Grand Celestial Nightmare - Forbidden Knowledge and Ancient Wisdom (Album Review)

March 25, 2021


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It’s often difficult to keep up with the sheer number of projects Mories is involved in.  Chances are good that you’ve heard Gnaw Their Tongues at some point, but Mories also has a slew of different black metal, noise, and ambient projects that all go under different names.  Whenever I receive a promo for a black metal band from the Netherlands, it always seems there will be a 50/50 chance he’s involved, and that ended up being the case for Grand Celestial Nightmare.  This particular act was formed back in 2016 with the intention of writing symphonic black metal that captures the mysterious and otherworldly aura of the 90s Hellenic scene, with The Void of Death recalling quite a few bands from that time period.  Four years later Grand Celestial Nightmare has resurfaced with Forbidden Knowledge and Ancient Wisdom which takes an even more grandiose approach and an often goes for methodical pacing.

The majority of Mories’ black metal bands that I’m familiar with go for a more avant-garde and experimental sound, so it was a bit surprising to find that Grand Celestial Nightmare went for a noticeably more straightforward approach.  That’s not a bad thing though, as the type of sweeping atmosphere and mystical feel that the Hellenic groups channeled throughout much of the 90s wasn’t always complex but made a significant impact and Forbidden Knowledge and Ancient Wisdom is also able to achieve this.  Where the 2016 album seemed a bit more focused on faster tempos, this time around the songs are split between faster blasting and mid-tempo cadences that march forward like the methodical pace of an army.  Given how the symphonic elements emphasize percussion and other elements that lead to grandiose climaxes this feels appropriate, and there are quite a few songs where the melodic peaks are beautiful yet dark and mystical at the same time.  The slower tempos also bring in some heavy metal elements, coming in like a cross between later Bathory and Hellenic bands such as Necromantia and Macabre Omen.  But when things pick up speed the colder melodies also recall Blut Aus Nord’s Memoria Vetusta albums.  Admittedly with the more straightforward writing there are some songs that sound a bit similar, but the fullness of the production and sheer hypnotic quality of the melodies alleviate this.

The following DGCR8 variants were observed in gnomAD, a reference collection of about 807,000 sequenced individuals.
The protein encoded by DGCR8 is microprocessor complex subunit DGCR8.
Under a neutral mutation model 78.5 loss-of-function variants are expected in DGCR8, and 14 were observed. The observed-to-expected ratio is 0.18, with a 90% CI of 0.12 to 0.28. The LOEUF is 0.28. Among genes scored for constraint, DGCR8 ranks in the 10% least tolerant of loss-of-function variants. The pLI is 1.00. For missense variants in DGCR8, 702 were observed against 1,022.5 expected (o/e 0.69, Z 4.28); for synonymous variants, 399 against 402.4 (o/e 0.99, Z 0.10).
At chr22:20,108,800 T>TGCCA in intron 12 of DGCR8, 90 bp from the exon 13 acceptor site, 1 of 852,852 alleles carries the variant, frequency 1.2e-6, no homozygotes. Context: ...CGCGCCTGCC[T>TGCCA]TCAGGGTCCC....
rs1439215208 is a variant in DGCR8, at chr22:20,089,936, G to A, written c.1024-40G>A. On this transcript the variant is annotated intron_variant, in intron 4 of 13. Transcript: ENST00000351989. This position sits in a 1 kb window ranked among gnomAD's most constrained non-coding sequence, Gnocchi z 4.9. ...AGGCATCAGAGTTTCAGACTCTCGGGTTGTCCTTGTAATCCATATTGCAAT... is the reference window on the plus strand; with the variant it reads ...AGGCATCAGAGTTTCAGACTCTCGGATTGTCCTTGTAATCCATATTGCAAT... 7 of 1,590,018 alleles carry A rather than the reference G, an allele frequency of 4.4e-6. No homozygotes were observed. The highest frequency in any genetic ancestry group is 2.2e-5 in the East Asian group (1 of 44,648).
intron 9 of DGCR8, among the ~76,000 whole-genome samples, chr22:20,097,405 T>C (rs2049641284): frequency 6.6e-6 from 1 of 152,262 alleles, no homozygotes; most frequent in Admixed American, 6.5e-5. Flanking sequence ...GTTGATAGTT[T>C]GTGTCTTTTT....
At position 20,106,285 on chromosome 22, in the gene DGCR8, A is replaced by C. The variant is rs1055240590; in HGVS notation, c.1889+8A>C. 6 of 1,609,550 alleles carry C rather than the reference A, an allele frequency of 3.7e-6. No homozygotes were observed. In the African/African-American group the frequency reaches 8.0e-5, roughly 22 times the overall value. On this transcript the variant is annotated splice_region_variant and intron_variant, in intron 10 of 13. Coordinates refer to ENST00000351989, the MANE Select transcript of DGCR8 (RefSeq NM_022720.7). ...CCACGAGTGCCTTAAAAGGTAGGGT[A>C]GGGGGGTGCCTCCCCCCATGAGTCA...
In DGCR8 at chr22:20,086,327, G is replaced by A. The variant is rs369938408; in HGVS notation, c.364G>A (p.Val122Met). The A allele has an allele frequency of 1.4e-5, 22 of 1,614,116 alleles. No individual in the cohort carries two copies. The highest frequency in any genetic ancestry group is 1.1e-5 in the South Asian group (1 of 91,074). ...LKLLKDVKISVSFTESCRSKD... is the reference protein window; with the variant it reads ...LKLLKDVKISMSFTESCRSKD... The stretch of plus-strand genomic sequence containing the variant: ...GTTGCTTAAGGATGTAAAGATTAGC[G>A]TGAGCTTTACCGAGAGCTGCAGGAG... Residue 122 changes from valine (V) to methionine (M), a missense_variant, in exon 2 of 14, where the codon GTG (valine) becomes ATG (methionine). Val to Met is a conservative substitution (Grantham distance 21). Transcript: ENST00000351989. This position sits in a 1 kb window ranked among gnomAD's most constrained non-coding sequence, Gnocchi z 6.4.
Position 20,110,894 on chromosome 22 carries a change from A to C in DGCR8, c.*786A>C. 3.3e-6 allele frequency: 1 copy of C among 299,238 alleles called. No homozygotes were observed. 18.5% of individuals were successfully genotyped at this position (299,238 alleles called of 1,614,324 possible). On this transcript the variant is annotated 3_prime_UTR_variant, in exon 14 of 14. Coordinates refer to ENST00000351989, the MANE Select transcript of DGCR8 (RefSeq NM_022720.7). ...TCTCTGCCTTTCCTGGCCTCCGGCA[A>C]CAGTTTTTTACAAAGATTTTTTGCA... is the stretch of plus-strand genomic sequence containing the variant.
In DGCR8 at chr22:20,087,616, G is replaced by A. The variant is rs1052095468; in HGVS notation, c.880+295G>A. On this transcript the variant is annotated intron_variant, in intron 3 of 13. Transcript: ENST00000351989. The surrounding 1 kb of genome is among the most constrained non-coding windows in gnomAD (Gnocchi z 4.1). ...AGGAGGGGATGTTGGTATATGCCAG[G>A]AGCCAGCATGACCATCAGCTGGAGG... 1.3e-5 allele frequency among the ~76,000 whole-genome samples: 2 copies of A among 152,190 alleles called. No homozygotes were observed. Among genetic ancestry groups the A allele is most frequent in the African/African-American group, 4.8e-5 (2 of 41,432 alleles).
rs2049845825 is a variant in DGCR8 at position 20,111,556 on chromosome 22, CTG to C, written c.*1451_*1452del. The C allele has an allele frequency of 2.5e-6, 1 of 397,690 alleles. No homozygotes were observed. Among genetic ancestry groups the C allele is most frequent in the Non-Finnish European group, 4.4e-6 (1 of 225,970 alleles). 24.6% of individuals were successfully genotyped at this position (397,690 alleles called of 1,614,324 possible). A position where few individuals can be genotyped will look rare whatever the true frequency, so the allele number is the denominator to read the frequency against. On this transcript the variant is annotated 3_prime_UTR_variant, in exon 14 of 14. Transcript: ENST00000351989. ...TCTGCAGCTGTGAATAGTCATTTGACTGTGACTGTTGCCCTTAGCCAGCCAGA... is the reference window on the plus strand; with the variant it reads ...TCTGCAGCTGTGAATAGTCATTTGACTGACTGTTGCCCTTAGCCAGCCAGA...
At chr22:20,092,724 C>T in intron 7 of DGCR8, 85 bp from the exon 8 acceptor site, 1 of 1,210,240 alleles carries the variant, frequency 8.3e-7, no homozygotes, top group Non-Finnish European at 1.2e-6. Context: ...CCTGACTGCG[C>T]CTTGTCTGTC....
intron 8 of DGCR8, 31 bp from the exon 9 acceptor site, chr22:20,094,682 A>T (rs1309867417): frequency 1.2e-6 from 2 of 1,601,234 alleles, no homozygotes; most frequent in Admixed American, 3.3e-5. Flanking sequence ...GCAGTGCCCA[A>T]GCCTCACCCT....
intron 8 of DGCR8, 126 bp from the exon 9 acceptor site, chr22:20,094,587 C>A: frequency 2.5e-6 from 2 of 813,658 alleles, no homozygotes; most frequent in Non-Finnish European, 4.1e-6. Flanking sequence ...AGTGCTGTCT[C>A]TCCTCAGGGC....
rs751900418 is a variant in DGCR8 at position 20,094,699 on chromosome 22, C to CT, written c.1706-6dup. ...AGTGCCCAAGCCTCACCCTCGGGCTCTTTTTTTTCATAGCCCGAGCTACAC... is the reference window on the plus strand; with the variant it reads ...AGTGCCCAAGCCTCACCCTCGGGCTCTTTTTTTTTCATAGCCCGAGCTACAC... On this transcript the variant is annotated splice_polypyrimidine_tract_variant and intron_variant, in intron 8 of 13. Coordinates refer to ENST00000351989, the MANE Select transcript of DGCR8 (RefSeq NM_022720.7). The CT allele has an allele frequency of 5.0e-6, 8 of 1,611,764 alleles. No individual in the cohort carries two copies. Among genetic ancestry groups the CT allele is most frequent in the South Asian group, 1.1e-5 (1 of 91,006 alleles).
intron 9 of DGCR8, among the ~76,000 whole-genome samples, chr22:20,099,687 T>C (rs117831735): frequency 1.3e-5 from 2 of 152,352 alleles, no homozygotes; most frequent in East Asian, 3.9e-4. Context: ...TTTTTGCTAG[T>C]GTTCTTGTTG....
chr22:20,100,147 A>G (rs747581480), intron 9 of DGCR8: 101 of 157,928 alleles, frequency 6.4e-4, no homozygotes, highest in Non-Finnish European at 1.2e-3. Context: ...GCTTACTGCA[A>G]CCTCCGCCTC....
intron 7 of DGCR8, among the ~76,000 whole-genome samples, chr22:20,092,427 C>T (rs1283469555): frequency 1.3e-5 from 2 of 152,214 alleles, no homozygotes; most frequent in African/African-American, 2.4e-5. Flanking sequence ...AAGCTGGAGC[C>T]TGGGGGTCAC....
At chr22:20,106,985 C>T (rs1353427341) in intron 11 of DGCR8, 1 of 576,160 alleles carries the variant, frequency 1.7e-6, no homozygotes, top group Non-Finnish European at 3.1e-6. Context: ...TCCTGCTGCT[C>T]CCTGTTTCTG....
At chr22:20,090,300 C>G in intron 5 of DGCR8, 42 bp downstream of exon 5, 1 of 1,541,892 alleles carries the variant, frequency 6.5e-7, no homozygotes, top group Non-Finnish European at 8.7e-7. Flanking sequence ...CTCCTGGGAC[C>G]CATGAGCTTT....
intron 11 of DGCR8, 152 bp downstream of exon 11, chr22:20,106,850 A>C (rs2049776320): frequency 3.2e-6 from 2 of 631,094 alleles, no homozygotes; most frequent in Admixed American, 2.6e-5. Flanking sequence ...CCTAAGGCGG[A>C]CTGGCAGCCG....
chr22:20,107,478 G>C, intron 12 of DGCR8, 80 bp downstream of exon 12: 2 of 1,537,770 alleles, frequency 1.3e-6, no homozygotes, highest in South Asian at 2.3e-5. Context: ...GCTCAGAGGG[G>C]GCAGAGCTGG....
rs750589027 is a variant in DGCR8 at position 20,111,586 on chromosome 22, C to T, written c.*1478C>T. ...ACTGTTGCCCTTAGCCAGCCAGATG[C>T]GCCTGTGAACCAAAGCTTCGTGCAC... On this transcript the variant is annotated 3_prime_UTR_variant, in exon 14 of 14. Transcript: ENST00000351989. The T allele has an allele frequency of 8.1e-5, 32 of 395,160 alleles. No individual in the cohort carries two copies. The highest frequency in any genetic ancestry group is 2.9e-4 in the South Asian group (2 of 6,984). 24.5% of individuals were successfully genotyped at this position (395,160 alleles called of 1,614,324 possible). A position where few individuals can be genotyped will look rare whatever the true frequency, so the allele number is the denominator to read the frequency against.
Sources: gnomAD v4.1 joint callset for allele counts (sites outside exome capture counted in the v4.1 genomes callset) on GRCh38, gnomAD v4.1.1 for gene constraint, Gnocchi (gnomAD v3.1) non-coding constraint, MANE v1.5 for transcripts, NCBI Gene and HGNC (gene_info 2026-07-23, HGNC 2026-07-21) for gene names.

Although the instrumentation has varied wildly from one band to the next, the common element that ties most of Mories’ work together is how abrasive his vocals are.  That’s the case here as his raspy screams cut through the layers of sound like a spear piercing through enemy ranks.  While there are times where the raspy tone gets a bit washed out in the recording with everything else that’s coming through, by the time many of these songs reach their peaks the vocals are right back in the thick of it.  On some tracks there are some spoken word sections and a few other nuances that help to break up the performance, but for the most part you should expect harsh and jagged screams that capture that same sinister feeling as this project’s inspirations.

Grand Celestial Nightmare pulls from some familiar elements of symphonic black metal without radically reinventing them, but Mories demonstrates throughout this album that he understands what made the early Hellenic black metal bands so haunting and menacing and does naturally build upon the debut.  With that in mind, if you’re a fan of any of the groups mentioned earlier in the review this is a worthy listen and the strong production values coupled with the mysterious atmosphere will keep many coming back for more.  Forbidden Knowledge and Ancient Wisdom is available from New Era Productions.

-Review by Chris Dahlberg

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